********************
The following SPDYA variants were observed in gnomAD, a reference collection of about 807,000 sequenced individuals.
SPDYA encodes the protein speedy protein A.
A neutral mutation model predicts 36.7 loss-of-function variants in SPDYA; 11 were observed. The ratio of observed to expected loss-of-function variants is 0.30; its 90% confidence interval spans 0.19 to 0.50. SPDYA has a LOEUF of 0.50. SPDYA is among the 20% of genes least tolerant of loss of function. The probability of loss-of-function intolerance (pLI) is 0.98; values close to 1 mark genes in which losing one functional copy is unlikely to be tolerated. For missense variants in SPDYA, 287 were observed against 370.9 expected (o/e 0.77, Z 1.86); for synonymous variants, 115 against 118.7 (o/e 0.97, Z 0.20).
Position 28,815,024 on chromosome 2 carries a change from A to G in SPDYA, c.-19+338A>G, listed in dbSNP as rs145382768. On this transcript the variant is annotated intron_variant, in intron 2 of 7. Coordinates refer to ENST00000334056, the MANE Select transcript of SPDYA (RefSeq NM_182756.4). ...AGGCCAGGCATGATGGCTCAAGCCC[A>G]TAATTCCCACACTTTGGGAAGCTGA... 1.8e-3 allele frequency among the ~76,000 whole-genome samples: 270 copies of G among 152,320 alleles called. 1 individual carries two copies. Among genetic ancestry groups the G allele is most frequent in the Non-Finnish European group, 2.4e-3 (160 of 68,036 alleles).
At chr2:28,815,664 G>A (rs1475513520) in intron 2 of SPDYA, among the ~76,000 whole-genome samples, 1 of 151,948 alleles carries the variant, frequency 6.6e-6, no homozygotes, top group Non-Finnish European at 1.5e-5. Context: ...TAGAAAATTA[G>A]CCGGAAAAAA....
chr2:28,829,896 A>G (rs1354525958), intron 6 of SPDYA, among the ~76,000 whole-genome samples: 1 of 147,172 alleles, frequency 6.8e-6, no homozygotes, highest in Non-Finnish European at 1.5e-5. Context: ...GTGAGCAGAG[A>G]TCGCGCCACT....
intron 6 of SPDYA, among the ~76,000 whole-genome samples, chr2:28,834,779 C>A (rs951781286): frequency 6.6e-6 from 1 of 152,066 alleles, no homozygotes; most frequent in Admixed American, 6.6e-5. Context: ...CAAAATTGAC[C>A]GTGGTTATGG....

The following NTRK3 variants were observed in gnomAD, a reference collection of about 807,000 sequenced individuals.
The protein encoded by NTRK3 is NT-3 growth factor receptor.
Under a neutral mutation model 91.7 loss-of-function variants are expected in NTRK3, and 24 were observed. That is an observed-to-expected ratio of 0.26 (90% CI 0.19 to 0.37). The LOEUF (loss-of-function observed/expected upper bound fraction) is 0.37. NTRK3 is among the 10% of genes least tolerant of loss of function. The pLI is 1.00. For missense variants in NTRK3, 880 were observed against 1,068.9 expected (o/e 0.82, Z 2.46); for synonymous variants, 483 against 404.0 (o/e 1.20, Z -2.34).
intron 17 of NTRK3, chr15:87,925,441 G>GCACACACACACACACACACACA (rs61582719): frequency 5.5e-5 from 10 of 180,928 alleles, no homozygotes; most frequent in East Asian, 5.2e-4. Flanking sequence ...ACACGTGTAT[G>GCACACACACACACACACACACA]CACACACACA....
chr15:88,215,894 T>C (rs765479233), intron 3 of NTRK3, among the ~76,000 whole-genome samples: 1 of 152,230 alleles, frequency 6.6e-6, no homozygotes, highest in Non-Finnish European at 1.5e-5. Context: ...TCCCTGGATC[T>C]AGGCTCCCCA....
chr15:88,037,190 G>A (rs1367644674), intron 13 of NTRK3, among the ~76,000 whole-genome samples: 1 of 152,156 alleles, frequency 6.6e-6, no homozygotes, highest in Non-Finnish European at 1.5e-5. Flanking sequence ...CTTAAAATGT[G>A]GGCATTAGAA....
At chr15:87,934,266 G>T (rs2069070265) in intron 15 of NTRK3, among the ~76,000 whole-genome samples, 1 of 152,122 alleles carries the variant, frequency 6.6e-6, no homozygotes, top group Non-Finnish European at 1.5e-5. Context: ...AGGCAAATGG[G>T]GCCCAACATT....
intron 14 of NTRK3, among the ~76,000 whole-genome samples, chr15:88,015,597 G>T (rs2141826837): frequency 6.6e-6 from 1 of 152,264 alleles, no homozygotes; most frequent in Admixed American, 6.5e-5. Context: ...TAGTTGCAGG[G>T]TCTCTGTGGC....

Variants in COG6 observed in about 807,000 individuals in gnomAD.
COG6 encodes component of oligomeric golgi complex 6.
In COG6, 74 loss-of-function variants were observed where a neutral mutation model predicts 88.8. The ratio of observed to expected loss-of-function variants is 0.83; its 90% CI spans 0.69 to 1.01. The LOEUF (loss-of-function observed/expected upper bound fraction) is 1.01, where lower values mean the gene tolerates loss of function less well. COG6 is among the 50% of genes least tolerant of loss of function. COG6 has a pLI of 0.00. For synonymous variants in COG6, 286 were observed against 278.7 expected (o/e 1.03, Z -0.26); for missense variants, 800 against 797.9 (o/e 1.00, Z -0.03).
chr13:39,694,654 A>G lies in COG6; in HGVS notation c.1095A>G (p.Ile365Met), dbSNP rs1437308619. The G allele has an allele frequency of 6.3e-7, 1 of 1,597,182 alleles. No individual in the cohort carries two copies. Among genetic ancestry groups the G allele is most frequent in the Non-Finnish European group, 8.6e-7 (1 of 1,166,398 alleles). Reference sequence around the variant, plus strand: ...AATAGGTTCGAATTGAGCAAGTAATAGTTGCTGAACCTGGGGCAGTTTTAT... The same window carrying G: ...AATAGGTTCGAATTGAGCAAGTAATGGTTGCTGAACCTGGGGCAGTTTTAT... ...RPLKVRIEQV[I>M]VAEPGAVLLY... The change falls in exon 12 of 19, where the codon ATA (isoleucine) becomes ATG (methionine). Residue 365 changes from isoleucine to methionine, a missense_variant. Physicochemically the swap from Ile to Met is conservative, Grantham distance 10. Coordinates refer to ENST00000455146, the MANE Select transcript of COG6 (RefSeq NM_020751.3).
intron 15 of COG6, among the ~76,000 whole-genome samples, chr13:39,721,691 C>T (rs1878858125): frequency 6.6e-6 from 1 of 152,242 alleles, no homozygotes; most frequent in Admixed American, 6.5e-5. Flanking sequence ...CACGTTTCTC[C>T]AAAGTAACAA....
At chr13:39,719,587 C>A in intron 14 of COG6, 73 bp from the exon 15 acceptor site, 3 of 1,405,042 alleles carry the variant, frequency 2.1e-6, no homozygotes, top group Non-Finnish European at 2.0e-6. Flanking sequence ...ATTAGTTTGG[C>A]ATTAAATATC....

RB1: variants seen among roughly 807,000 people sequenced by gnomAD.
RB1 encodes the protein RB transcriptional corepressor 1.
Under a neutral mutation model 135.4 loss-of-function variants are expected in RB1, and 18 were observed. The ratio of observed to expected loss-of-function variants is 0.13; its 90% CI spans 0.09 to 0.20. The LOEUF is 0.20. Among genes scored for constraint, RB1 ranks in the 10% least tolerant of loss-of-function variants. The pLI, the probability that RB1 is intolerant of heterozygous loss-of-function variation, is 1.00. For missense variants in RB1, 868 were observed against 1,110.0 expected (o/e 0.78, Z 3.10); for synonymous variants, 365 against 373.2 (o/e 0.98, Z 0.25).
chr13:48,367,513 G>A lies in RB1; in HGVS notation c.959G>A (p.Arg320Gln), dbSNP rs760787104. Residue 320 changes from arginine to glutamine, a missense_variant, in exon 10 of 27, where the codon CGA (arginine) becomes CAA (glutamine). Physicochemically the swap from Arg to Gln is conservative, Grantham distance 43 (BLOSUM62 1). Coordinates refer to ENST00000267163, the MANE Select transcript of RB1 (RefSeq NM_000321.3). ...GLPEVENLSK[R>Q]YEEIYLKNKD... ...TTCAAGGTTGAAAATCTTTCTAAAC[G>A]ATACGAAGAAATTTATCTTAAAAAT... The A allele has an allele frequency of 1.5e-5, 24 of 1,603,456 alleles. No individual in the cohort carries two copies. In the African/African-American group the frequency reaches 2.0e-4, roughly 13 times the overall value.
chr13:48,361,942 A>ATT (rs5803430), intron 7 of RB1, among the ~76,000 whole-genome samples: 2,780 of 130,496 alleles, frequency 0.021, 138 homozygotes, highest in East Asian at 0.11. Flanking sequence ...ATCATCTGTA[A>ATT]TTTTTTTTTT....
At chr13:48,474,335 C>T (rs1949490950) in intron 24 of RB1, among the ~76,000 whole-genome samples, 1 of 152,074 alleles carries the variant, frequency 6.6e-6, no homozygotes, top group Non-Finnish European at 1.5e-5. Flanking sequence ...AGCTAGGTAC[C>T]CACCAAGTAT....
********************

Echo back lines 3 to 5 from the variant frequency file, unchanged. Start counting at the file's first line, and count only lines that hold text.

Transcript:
A neutral mutation model predicts 36.7 loss-of-function variants in SPDYA; 11 were observed. The ratio of observed to expected loss-of-function variants is 0.30; its 90% confidence interval spans 0.19 to 0.50. SPDYA has a LOEUF of 0.50. SPDYA is among the 20% of genes least tolerant of loss of function. The probability of loss-of-function intolerance (pLI) is 0.98; values close to 1 mark genes in which losing one functional copy is unlikely to be tolerated. For missense variants in SPDYA, 287 were observed against 370.9 expected (o/e 0.77, Z 1.86); for synonymous variants, 115 against 118.7 (o/e 0.97, Z 0.20).
Position 28,815,024 on chromosome 2 carries a change from A to G in SPDYA, c.-19+338A>G, listed in dbSNP as rs145382768. On this transcript the variant is annotated intron_variant, in intron 2 of 7. Coordinates refer to ENST00000334056, the MANE Select transcript of SPDYA (RefSeq NM_182756.4). ...AGGCCAGGCATGATGGCTCAAGCCC[A>G]TAATTCCCACACTTTGGGAAGCTGA... 1.8e-3 allele frequency among the ~76,000 whole-genome samples: 270 copies of G among 152,320 alleles called. 1 individual carries two copies. Among genetic ancestry groups the G allele is most frequent in the Non-Finnish European group, 2.4e-3 (160 of 68,036 alleles).
At chr2:28,815,664 G>A (rs1475513520) in intron 2 of SPDYA, among the ~76,000 whole-genome samples, 1 of 151,948 alleles carries the variant, frequency 6.6e-6, no homozygotes, top group Non-Finnish European at 1.5e-5. Context: ...TAGAAAATTA[G>A]CCGGAAAAAA....